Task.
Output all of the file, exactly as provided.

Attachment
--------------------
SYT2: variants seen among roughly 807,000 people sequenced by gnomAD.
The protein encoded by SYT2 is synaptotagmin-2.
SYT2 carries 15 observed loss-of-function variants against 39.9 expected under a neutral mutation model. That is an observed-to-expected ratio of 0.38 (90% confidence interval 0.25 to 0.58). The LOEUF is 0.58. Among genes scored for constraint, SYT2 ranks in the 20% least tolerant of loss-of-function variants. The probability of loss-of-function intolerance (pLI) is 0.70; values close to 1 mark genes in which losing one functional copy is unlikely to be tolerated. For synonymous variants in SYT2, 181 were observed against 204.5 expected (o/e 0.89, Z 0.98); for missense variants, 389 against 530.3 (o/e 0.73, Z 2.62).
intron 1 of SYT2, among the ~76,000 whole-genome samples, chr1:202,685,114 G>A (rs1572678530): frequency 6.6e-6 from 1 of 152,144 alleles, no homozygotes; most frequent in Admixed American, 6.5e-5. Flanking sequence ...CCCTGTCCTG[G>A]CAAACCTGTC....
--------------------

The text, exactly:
SYT2: variants seen among roughly 807,000 people sequenced by gnomAD.
The protein encoded by SYT2 is synaptotagmin-2.
SYT2 carries 15 observed loss-of-function variants against 39.9 expected under a neutral mutation model. That is an observed-to-expected ratio of 0.38 (90% confidence interval 0.25 to 0.58). The LOEUF is 0.58. Among genes scored for constraint, SYT2 ranks in the 20% least tolerant of loss-of-function variants. The probability of loss-of-function intolerance (pLI) is 0.70; values close to 1 mark genes in which losing one functional copy is unlikely to be tolerated. For synonymous variants in SYT2, 181 were observed against 204.5 expected (o/e 0.89, Z 0.98); for missense variants, 389 against 530.3 (o/e 0.73, Z 2.62).
intron 1 of SYT2, among the ~76,000 whole-genome samples, chr1:202,685,114 G>A (rs1572678530): frequency 6.6e-6 from 1 of 152,144 alleles, no homozygotes; most frequent in Admixed American, 6.5e-5. Flanking sequence ...CCCTGTCCTG[G>A]CAAACCTGTC....